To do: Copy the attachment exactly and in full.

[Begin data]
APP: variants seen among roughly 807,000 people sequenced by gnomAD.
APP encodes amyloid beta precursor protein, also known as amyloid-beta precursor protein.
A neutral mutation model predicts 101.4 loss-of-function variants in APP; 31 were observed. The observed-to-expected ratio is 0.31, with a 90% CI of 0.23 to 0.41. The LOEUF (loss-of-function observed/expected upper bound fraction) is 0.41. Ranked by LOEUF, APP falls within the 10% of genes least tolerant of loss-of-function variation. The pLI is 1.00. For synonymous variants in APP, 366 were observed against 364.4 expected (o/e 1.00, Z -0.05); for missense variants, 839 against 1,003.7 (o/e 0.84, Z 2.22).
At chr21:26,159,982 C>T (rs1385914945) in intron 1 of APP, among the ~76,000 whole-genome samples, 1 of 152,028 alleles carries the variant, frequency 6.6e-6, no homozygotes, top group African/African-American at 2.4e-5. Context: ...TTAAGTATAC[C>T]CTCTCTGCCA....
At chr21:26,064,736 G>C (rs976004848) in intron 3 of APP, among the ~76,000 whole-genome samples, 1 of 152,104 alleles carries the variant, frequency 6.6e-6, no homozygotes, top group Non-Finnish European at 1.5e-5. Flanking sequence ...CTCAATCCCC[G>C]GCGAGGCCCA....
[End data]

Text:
APP: variants seen among roughly 807,000 people sequenced by gnomAD.
APP encodes amyloid beta precursor protein, also known as amyloid-beta precursor protein.
A neutral mutation model predicts 101.4 loss-of-function variants in APP; 31 were observed. The observed-to-expected ratio is 0.31, with a 90% CI of 0.23 to 0.41. The LOEUF (loss-of-function observed/expected upper bound fraction) is 0.41. Ranked by LOEUF, APP falls within the 10% of genes least tolerant of loss-of-function variation. The pLI is 1.00. For synonymous variants in APP, 366 were observed against 364.4 expected (o/e 1.00, Z -0.05); for missense variants, 839 against 1,003.7 (o/e 0.84, Z 2.22).
At chr21:26,159,982 C>T (rs1385914945) in intron 1 of APP, among the ~76,000 whole-genome samples, 1 of 152,028 alleles carries the variant, frequency 6.6e-6, no homozygotes, top group African/African-American at 2.4e-5. Context: ...TTAAGTATAC[C>T]CTCTCTGCCA....
At chr21:26,064,736 G>C (rs976004848) in intron 3 of APP, among the ~76,000 whole-genome samples, 1 of 152,104 alleles carries the variant, frequency 6.6e-6, no homozygotes, top group Non-Finnish European at 1.5e-5. Flanking sequence ...CTCAATCCCC[G>C]GCGAGGCCCA....